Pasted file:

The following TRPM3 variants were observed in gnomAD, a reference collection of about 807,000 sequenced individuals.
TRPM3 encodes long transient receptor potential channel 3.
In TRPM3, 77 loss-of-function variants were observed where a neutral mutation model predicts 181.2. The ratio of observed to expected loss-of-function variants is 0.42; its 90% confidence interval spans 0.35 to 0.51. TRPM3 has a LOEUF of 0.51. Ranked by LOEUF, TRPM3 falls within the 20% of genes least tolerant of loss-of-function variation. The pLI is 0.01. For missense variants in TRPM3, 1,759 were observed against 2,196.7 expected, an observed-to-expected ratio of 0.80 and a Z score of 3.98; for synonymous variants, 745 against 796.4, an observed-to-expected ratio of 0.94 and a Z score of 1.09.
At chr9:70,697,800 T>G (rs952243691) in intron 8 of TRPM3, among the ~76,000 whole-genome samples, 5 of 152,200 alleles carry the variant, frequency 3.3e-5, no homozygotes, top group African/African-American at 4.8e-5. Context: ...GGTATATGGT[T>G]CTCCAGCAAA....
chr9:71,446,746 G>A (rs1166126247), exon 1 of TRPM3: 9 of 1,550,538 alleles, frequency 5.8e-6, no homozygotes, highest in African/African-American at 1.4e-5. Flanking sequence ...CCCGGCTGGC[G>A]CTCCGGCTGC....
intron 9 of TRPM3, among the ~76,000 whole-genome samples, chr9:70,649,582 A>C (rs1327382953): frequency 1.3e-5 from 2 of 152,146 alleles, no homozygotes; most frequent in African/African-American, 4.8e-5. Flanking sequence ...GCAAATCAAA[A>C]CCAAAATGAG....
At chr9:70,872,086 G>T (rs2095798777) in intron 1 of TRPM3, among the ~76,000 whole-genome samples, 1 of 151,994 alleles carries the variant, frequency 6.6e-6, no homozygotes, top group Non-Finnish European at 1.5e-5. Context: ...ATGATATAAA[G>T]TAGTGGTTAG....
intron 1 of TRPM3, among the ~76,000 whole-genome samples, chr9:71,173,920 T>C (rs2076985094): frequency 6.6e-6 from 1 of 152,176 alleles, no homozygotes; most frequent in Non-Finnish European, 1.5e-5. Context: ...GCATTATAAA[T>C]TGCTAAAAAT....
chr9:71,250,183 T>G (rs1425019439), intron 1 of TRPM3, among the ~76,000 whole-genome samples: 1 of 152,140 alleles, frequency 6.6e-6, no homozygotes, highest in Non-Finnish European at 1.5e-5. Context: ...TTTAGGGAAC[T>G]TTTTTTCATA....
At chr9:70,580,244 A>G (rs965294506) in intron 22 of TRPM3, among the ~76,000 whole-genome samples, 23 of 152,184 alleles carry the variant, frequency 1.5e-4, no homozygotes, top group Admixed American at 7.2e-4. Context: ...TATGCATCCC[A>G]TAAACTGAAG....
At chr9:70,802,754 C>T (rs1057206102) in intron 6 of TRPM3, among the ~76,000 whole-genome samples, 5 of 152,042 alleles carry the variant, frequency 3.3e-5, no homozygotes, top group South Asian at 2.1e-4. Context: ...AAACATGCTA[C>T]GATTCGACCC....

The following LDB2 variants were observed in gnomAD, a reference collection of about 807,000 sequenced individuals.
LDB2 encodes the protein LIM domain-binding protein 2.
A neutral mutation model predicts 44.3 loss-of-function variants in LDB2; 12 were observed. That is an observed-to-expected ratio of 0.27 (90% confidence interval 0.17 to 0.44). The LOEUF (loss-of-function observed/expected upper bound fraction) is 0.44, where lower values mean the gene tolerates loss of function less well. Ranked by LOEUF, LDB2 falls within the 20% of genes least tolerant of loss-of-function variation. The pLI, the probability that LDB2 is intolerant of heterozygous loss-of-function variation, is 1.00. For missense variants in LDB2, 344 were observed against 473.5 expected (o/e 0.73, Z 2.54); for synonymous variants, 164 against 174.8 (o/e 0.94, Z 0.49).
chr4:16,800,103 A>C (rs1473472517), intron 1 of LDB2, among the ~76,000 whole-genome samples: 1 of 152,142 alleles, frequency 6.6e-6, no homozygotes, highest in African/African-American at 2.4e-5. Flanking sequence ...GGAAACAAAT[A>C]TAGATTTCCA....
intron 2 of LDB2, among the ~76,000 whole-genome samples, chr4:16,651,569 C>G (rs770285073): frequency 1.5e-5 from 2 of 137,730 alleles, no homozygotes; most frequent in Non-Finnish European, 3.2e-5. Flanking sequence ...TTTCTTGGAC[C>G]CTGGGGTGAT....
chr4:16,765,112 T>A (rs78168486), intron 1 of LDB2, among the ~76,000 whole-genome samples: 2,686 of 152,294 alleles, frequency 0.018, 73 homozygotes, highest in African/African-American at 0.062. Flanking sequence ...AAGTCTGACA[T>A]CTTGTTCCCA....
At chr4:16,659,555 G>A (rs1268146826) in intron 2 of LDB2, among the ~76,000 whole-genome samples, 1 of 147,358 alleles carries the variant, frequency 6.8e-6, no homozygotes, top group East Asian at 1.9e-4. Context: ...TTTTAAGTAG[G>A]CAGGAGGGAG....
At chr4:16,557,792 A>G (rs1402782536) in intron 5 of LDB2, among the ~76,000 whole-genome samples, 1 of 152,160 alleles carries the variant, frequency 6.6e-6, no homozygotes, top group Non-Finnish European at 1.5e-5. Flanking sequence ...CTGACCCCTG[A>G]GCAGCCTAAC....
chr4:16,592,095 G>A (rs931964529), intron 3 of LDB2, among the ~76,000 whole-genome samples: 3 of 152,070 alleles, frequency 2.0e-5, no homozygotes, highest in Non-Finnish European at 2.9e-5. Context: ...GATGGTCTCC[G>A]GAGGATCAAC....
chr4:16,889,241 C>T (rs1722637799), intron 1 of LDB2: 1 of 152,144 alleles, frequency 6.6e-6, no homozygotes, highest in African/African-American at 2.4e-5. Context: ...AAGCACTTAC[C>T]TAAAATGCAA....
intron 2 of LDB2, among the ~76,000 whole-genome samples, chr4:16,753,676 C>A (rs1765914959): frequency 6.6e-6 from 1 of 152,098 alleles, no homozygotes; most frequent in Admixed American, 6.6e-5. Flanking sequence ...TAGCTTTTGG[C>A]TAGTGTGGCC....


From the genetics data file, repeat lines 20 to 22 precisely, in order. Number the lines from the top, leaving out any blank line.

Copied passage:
chr4:16,592,095 G>A (rs931964529), intron 3 of LDB2, among the ~76,000 whole-genome samples: 3 of 152,070 alleles, frequency 2.0e-5, no homozygotes, highest in Non-Finnish European at 2.9e-5. Context: ...GATGGTCTCC[G>A]GAGGATCAAC....
chr4:16,889,241 C>T (rs1722637799), intron 1 of LDB2: 1 of 152,144 alleles, frequency 6.6e-6, no homozygotes, highest in African/African-American at 2.4e-5. Context: ...AAGCACTTAC[C>T]TAAAATGCAA....
intron 2 of LDB2, among the ~76,000 whole-genome samples, chr4:16,753,676 C>A (rs1765914959): frequency 6.6e-6 from 1 of 152,098 alleles, no homozygotes; most frequent in Admixed American, 6.6e-5. Flanking sequence ...TAGCTTTTGG[C>A]TAGTGTGGCC....